And Barrichello had in his hand victories like the one in Austria in 2002, in which he let Schumi pass him at the end when everyone assumed he was going to win.
Barrichello was able to take advantage of these opportunities.
Both in that year and 2004, he finished in second place. Because of the incredible performance of Brawn GP in 2009, he had a chance to win the championship.
He entered the final two rounds 14 points behind his teammate and eventual champion, Jenson Button, but he did not take advantage of the pole position in front of his team.
As a result, he finished eighth in the race, and the British celebrated winning the title.
Canadians, particularly those devoted to the Ferrari religion, consider Gilles Villeneuve the best Formula One driver who was never able to win the world championship.
He could show it in the two most mythical teams of this competition since, in the year of his debut; he raced for McLaren in addition to racing for Ferrari.
Those who saw him run highlighted his aggressive and plastic driving, and they noted that he could show it in both teams (1977).
Over more than five years, he maintained his position in the championship, but 1979 was the year in which he came the closest to winning the title.
During that season, he wore red and finished on the podium seven times.
Still, team orders, similar to what we saw with Barrichello, ruined his chances of winning the Italian Grand Prix in favor of his teammate Jody Scheckter. He won three races that year.
On the other hand, like many other people, he said his goodbyes during a race weekend.
His life was cut short at the young age of 32 due to a catastrophic accident on the racetrack in Zolder, Belgium. He was blown up in the accident.
Another Brazilian driver had the opportunity to win with Ferrari but did not. Nevertheless, Felipe Massa got much closer than his fellow countryman Rubens Barrichello.
After his first four years with the Sauber team, now known as the Alfa Romeo team, Massa was recruited by the Italian team to replace Rubinho, who was leaving for Honda for the 2006 season.
Rubinho was going because he was offered a position with the Honda F1 team.
His arrival at Maranello coincided with the final throes of Michael Schumacher before his first retirement, so in 2006, he was the German’s teammate more than anything else.
His arrival at Maranello coincided with the final throes of Michael Schumacher before his first retirement.
Even though Kimi Raikkonen was signed the following year to replace the Kaiser, the doors of leadership in 2007 were still closed to the team.
However, 2008 was, without a doubt, his best season. Most people did not anticipate him to make such a significant leap forward.
As a result, the championship was taken away from him at his home track of Interlagos in the final race. Lewis Hamilton passed Timo Glock in the penultimate corner of the race.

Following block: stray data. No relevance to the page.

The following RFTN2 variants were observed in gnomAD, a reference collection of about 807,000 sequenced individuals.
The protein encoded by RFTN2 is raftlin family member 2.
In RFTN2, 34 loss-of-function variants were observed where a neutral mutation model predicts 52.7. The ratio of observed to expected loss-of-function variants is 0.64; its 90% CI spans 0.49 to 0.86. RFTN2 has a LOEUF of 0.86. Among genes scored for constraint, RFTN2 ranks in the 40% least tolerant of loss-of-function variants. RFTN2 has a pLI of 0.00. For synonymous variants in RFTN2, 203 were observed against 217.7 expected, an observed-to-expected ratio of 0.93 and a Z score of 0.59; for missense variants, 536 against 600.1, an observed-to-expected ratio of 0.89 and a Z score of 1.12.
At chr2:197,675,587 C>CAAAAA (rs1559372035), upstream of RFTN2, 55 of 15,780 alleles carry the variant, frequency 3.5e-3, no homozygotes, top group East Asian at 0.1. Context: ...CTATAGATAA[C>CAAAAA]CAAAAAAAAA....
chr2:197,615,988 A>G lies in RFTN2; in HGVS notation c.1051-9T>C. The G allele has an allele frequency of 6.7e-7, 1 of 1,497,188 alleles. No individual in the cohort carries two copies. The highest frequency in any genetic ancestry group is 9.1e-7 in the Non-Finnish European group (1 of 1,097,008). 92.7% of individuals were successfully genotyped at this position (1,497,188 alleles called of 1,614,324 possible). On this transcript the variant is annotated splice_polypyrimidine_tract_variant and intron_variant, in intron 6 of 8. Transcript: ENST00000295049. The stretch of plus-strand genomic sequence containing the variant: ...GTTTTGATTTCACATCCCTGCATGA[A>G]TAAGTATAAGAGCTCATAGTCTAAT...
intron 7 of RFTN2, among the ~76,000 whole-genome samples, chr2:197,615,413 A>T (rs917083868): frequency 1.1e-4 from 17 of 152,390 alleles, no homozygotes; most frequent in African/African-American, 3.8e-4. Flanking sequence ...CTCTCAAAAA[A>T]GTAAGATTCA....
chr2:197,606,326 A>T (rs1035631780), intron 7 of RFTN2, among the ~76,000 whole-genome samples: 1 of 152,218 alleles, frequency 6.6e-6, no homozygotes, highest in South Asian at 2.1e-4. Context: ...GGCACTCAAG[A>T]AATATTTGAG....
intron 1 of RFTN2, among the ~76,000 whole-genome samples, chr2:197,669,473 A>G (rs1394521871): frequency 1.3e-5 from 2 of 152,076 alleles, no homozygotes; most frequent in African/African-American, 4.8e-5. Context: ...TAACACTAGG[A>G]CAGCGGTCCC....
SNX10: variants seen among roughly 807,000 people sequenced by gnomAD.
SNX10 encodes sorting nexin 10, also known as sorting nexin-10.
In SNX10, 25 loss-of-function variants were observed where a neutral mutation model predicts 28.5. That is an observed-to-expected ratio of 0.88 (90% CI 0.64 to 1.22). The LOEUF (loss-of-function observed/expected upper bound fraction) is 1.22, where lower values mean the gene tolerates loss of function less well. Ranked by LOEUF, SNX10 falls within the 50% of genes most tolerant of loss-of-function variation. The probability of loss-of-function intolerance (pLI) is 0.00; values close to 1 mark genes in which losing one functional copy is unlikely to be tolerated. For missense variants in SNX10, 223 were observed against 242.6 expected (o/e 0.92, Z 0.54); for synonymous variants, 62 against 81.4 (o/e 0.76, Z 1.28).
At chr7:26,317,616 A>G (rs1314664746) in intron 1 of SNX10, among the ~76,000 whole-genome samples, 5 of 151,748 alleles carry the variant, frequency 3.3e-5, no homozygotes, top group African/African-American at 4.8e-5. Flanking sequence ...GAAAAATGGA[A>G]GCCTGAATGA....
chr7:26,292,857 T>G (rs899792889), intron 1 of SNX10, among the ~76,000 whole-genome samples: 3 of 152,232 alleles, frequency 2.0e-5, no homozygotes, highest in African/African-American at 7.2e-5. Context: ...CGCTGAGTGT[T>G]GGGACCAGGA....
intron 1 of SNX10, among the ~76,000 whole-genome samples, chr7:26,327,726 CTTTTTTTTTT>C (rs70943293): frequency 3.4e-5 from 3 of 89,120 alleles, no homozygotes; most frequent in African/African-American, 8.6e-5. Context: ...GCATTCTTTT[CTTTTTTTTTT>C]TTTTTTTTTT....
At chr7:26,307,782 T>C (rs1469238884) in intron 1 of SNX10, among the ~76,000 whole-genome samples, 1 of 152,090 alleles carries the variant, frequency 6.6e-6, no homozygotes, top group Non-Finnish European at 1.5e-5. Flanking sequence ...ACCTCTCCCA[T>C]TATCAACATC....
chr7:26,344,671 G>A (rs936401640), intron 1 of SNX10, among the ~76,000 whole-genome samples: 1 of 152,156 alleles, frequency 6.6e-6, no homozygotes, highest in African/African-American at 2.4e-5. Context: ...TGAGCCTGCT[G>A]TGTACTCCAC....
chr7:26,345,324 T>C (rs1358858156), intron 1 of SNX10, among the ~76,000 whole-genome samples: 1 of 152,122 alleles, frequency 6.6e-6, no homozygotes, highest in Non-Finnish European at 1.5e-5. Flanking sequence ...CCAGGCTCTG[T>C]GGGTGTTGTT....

A first-choice teammate named Fernando Alonso was brought in to replace him, and he was never able to get close to rechallenging him.
Ultimately, he decided to hang up his boots at Williams in 2017.
Valtteri Bottas’s record in Formula 1 makes him deserving of a spot on this list, even though he lacks the charisma of some of the other candidates who have been considered for this position.
During the five years that the Finn worked for Mercedes, he could never escape being overshadowed by Lewis Hamilton’s presence there.
It is important to remember that the reason for his arrival was the sudden retirement of Nico Rosberg, who decided to hang up his helmet and boots right after taking the title from the Englishman in 2016.
His arrival was made possible because of Rosberg’s decision.
Bottas was able to secure the runner-up spot in the championship in 2019 and 2020, even though Red Bull and Ferrari were not considered particularly formidable competitors.
During that period, he amassed a total of six victories.
Before moving on to Alfa Romeo, his current team, he won his final race in Turkey in 2021 as a fitting send-off before retiring from the sport.
It is essential that the circumstances surrounding this other brilliant driver from the 1970s be investigated.
In 1981, when he was competing for the Williams team, Argentine driver Carlos Reutemann came close to winning the championship.
After the previous competition in Las Vegas, he was in the driver’s seat with a minimum lead of one point over the Brazilian Nelson Piquet.
He shared the box with the Australian Alan Jones, who had been the trump card in the English team’s previous years of competition.
Still, the English team continued to give him orders to favor him even though he had proven to be faster than him in that season.
The championship was thrown away by Williams, who gave its last remaining new engine to Jones to win the race, even though the driver already had an advantage of 17 points in the championship standings.
Piquet’s fifth-place finish and Reutemann’s scoreless performance were enough to leave him with a sweet taste.